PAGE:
Some people accept the practice of feeding live animals to zoo inhabitants because it’s natural for carnivores to eat animal flesh. A survey conducted on debate.org asked whether it is wrong to feed live animals to carnivores in zoos. While 36% of participants voted yes, the majority at 64% said no. One of the top comments on the majority side made this argument: “In their natural environments, carnivores kill herbivores. The camera crews on a wide range of nature documentaries explain how they would like to save a baby gazelle from a cheetah but can’t because it’s nature.”
A survey conducted in the UK revealed similar attitudes.8 While many people opposed feeding live animals on exhibit, it was often only because they thought it might be damaging for children to see. The reason many people gave for accepting off exhibit feeding of live animals was that it was natural. Yet they are applying what they perceive as natural to an institution that does not occur in nature, and is completely controlled by humans.
The comment made on debate.org highlights a more important issue that often goes unaddressed. Saying “they can’t [help] because it’s nature” is not a defensible moral reason if what we are concerned about is the interests of animals. Just because something is natural does not mean it is justified. Rape occurs in nature too, but that doesn’t mean we should accept it. We don’t accept the “natural” suffering of sick or injured humans. We try to cure them. We may not be able to do much about lions killing cheetahs right now, but that doesn’t mean we should defend it as a good thing just because it’s natural.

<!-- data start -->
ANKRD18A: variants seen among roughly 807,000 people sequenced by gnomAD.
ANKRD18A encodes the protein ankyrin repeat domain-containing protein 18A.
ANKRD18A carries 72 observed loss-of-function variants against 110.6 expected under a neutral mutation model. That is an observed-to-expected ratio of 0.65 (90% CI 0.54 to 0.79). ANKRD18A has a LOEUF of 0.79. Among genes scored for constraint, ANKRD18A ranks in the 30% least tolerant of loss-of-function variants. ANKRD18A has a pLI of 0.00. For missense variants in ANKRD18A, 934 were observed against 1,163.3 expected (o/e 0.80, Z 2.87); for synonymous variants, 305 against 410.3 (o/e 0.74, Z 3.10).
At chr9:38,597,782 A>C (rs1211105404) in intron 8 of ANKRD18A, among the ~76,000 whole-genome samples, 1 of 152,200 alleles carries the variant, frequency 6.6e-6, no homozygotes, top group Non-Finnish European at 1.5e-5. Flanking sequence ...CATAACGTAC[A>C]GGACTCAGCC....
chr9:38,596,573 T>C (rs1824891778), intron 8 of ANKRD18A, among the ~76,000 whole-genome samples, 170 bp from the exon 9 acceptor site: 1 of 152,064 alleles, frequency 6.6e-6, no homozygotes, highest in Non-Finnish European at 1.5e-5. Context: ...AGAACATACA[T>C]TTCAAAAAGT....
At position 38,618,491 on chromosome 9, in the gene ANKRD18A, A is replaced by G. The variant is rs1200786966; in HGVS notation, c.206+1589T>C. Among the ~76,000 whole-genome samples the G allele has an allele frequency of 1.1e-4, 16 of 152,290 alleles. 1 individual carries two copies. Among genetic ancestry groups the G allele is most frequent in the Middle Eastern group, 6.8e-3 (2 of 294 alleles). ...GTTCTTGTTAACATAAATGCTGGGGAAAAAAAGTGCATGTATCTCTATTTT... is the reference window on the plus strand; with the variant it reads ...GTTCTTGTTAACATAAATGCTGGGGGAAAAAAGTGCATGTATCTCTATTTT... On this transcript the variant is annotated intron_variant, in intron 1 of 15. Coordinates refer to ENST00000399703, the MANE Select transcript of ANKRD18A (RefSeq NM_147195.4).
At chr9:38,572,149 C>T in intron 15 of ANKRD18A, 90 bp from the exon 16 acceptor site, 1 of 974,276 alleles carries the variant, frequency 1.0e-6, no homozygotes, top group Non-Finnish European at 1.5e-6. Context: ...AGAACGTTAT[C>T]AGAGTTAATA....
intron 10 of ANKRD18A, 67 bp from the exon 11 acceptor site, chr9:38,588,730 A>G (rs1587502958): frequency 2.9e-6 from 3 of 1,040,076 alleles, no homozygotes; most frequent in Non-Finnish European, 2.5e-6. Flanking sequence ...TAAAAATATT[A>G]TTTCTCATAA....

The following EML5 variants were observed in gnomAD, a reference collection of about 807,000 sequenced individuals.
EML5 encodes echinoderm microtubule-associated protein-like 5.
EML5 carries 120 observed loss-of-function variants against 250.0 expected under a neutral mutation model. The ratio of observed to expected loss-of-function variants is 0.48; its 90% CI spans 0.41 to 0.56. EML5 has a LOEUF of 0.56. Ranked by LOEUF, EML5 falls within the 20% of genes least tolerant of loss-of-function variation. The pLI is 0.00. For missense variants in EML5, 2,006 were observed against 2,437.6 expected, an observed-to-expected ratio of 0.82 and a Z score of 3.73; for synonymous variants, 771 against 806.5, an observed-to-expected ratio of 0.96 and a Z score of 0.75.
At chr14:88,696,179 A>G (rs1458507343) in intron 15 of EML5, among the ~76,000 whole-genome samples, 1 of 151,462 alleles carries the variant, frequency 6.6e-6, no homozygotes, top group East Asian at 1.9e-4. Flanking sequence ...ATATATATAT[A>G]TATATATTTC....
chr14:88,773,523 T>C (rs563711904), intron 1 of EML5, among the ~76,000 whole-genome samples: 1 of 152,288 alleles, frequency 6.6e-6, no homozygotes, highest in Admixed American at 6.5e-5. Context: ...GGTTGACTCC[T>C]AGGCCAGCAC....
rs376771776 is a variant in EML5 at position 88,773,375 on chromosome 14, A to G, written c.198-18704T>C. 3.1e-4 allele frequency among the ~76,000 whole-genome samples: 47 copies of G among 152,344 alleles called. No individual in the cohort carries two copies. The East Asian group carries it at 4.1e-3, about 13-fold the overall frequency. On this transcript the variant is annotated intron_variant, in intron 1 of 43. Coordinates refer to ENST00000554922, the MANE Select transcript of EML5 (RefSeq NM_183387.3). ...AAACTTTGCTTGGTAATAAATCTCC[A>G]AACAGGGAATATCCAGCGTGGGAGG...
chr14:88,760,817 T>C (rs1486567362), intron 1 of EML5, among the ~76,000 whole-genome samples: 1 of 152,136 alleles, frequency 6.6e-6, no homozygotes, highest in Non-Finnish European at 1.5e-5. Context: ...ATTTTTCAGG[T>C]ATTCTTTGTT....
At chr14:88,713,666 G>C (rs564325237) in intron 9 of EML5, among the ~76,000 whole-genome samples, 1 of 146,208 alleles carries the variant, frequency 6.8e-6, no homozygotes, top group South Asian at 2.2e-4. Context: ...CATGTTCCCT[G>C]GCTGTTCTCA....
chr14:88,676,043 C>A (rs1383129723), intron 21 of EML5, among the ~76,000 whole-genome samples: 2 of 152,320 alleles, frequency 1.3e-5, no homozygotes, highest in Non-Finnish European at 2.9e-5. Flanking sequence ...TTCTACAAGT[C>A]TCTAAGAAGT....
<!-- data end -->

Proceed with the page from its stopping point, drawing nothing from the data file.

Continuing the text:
What’s the alternative? Animals don’t need a certain type of food, but a certain combination of nutrients. We can learn how to feed carnivores and keep them healthy without feeding them the bodies of other animals, dead or alive. Much progress has already been made on this, as evidenced by the successful use of vegan cat food.
It’s also unnecessary to keep animals such as lions and snakes in zoos at all. Although some would argue that it’s necessary for the sake of conservation of certain gene pools, that is an argument based human preferences for what kind of animals there are in the world. If what we care about are sentient beings, then it’s the sentient individuals who matter, and not what their genetic makeup is.
1 India Today (2015) “Cat thrown into crocodile-infested pond, sparks online outrage”, India Today, 12 June [accessed on 31 July 2015].
3 Jevalchi, R. (2012) “Video of live donkeys being fed to zoo lions sparks outrage in Iran”, The Observers, 06/22/2012 [accessed on 31 July 2015].
4 CNN (2014) “Danish zoo kills healthy giraffe, feeds body to lions”, CNN, 10 February [accessed on 31 July 2015].
7 Cottle, L.; Tamir, D.; Hyseni, M.; Buhler, D. & Lindemann-Matthies, P. (2007) “Feeding live prey to zoo animals: Response of zoo visitors in Switzerland”, Zoo Biology, 29, pp. 344-350.
8 Ings, R.; Warren, N. K. & Young, R. J. (1997) “Attitude of zoo visitors to the idea of feeding live prey to zoo animals”, Zoo Biology, 16, pp. 343-347 [accessed on 31 July 2015].